Although MP infection shows typically self-limited course even without antibiotics, macrolides are still recommended as the first-line therapeutics. However, a steadily increasing number of recent cases progress to refractory, severe, life-threatening MP pneumonia [1,2]. Extensive use and misuse of macrolides may cause the rapid emergence of macrolide resistance . Macrolides inhibit protein synthesis by binding to specific nucleotides of the 23S RNA in the 50S MP ribosomal subunit. Mutations at domain V of 23S RNA reduce the affinity of the macrolides for the ribosome, which develop macrolide resistance [6-9]. Since 2000, some studies have confirmed the increase of this microbiological problem throughout the world, the highest prevalence has been especially observed in East Asia. The published rate was reported to be 87.2% in Korea, 81.6% in Japan, and up to 90% in China [6,13]. In this study, we found that 92.39% of clinical MP strains harbored A2063G mutation from children with MPP. Notably, we didn’t detect mutations at positions 2064, 2067, or 2617. However, several other novel mutations were found, including a G to C transition at position 2601, a T insertion between positions 2589-2590 and 2612-2613, and a G insertion between positions 2586-2587. Further studies are required to test whether these new mutations contribute to macrolide resistance.
Previous studies focus on the minimum inhibitory concentrations of macrolides in vitro, and explore point mutations of MP clinical strains [10-12]. However, the clinical relevance of these mutations has not been clearly characterized and large sample studies is fewer. In this study, the clinical, laboratory and radiologic characteristics of MPP patients with mutant strains were similar with those patients without mutations. These results hint the clinical symptoms, laboratory and radiologic characteristics of MPP are generally similar between mutations and without mutations. Previous studies on the comparisons of clinical manifestations between the groups also reported no significant differences [14,16,17]. As we all know, refractory MPP is characterized by long duration of fever, and severe pulmonary inflammatory response. In this study, the prevalence of mutations in non-refractory and refractory MPP was 93.87% and 87.5% respectively, which suggested that the infection of mutant strains does not increase the refractoriness of MPP in children. In addition, some children infected with mutant strain were also cured by macrolides, may be on the account of anti-inflammatory property of macrolides. And the use of timely and effective immunomodulators is beneficial to improve prognosis [18,19]. Based on previous researches, the pathogenesis of MP consists of direct damage mechanisms, immune damage and inflammatory damage . While there is some value in investigating the clinical significance of genetic mutations in MP, it is probably necessary to consider other risk factors that may trigger refractory, severe, or life-threatening pneumonia, such as a more robust host immune response to inflammatory cytokines, interleukins(IL), alexin, CD4+ T cell and so on [21-23]. In refractory MPP, immunomodulators such as systemic corticosteroids or intravenous gamma immunoglobulin are considered to be an effective treatment option by reducing host inflammatory response [18,19]. Based on previous researches, MP infection enhances mucin production, neutrophil recruitment, and excretes inflammatory factors . Mucus cell hypersecretion, especially goblet cell hyperplasia, has been shown in airways of MP infected mice . Additionally, in children infected with MP, the levels of tumor necrosis factor-α (TNF-α), IL-1β, IL-6, IL-10, C1q, C3, C4 in serum increase to varying degrees [21,22]. Those cytokines, ILs and alexin may participate in some classical or bypass activation pathways, mediate inflammatory reaction and immune responses, and have various biological activities.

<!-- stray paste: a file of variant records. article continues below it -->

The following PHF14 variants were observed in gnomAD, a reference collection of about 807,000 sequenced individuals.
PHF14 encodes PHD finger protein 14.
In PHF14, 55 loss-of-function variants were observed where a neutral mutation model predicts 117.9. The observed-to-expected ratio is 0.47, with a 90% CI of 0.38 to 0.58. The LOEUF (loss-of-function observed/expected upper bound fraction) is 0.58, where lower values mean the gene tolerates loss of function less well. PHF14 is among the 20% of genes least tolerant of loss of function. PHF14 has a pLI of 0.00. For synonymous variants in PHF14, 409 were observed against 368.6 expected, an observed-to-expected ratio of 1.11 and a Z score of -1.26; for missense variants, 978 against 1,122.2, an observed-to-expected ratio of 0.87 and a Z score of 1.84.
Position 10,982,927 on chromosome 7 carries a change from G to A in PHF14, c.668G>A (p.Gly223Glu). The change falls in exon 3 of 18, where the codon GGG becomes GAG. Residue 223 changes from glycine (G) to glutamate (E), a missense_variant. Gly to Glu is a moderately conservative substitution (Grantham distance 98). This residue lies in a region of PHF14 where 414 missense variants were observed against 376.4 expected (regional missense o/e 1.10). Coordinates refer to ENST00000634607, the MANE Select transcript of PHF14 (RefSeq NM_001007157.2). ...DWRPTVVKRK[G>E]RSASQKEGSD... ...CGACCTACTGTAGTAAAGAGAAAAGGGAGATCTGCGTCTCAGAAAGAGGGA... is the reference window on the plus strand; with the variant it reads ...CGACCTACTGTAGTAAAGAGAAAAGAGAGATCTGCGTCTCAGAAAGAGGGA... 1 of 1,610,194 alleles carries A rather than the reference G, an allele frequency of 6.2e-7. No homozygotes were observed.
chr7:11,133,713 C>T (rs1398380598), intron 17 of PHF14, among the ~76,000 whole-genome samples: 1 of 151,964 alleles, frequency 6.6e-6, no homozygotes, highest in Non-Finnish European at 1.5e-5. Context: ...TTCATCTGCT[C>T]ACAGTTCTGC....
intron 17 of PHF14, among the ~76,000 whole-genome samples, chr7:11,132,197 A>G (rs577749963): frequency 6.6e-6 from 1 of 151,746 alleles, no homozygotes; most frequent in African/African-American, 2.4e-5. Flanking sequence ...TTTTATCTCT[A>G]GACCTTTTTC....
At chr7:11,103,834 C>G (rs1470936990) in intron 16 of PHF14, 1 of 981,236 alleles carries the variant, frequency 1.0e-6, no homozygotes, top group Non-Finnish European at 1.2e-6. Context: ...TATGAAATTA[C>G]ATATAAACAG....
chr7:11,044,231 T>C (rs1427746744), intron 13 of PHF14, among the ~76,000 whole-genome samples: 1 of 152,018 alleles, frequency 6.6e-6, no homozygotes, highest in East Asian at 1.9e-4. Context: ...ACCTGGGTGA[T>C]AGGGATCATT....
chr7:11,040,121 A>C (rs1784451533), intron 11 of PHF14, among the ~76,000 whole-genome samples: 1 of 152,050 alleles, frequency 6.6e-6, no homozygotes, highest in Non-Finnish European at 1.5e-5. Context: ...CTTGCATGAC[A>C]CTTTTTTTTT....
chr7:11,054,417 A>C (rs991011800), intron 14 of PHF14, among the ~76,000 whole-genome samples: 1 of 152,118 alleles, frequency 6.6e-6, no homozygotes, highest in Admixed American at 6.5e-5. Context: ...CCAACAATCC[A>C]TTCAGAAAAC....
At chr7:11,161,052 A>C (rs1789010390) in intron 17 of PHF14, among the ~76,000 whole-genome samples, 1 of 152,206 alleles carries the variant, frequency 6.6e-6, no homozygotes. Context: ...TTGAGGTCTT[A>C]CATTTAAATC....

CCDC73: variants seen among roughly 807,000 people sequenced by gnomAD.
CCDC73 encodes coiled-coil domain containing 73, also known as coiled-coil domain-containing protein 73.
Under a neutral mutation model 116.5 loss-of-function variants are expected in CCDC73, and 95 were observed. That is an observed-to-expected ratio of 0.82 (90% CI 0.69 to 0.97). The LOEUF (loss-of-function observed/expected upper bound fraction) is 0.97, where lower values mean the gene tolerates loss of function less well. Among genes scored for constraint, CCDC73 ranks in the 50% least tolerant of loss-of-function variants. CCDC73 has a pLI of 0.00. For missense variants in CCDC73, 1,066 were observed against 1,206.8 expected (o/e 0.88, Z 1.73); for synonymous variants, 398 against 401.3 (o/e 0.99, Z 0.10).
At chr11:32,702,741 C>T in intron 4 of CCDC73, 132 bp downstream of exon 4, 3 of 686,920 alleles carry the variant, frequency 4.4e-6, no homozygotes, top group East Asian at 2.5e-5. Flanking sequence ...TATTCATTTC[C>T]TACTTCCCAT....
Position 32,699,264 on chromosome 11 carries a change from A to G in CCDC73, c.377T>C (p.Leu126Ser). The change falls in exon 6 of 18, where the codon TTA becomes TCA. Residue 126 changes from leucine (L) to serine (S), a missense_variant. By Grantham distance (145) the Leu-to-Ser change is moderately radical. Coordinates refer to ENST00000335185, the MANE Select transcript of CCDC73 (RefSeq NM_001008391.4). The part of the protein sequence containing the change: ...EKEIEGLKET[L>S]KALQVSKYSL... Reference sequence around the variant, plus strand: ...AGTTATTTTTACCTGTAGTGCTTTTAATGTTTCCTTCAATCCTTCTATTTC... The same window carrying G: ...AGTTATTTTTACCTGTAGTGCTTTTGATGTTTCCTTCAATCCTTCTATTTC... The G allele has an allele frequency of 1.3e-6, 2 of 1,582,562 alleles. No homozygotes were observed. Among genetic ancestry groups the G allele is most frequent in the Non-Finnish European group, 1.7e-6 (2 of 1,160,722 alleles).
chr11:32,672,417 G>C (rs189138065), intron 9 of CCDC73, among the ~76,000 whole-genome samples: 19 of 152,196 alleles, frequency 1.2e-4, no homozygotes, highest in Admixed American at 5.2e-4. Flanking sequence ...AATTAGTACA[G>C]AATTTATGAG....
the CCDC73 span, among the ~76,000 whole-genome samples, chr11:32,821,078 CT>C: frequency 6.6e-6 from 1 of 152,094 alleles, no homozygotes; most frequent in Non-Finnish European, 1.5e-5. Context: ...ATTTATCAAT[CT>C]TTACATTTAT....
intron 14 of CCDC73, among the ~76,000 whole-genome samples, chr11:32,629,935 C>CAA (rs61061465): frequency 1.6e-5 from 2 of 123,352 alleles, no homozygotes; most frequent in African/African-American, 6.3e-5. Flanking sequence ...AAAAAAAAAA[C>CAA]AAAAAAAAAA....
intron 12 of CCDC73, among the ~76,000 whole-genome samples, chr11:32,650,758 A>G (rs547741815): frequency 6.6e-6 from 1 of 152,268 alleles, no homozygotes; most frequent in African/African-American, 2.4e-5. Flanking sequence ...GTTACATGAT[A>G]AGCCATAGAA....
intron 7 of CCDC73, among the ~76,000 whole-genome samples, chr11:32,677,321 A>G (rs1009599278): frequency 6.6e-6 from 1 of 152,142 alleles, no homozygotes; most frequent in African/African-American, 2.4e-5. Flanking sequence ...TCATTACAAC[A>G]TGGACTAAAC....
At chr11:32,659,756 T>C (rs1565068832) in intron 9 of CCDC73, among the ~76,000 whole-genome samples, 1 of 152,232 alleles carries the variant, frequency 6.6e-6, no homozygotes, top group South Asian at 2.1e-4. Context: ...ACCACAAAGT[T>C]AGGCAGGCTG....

More interestingly, our study and Wang et al found that MP-DNA load at enrollment was significantly different between refractory pneumonia and non-refractory pneumonia groups , which may be a risk factor of refractory MPP because of direct damage caused by increased MP load. The direct damage mechanisms of MP infection include adhesion damage, destruction of membrane fusion, invasive damage, and toxic damage . These suggest that the higher and more persistent MP stimulation may induce a much stronger direct damage. To sum up, the occurrence of refractory MPP in children may largely depends on the interaction between MP and host immune response, regardless of mutations.
Our study is significant because it has compared the manifestations of MPP in children in a high macrolide resistance period for MP. But it also had several limitations. Firstly, our hospital is a tertiary hospital, the enrolled population may have included some very severe MPP cases and have a much longer period prior to hospitalization at our hospital than in previous studies. Secondarily, our sample size was relatively small, and there was no multicenter research. Lastly, minimum inhibitory concentration values were not measured.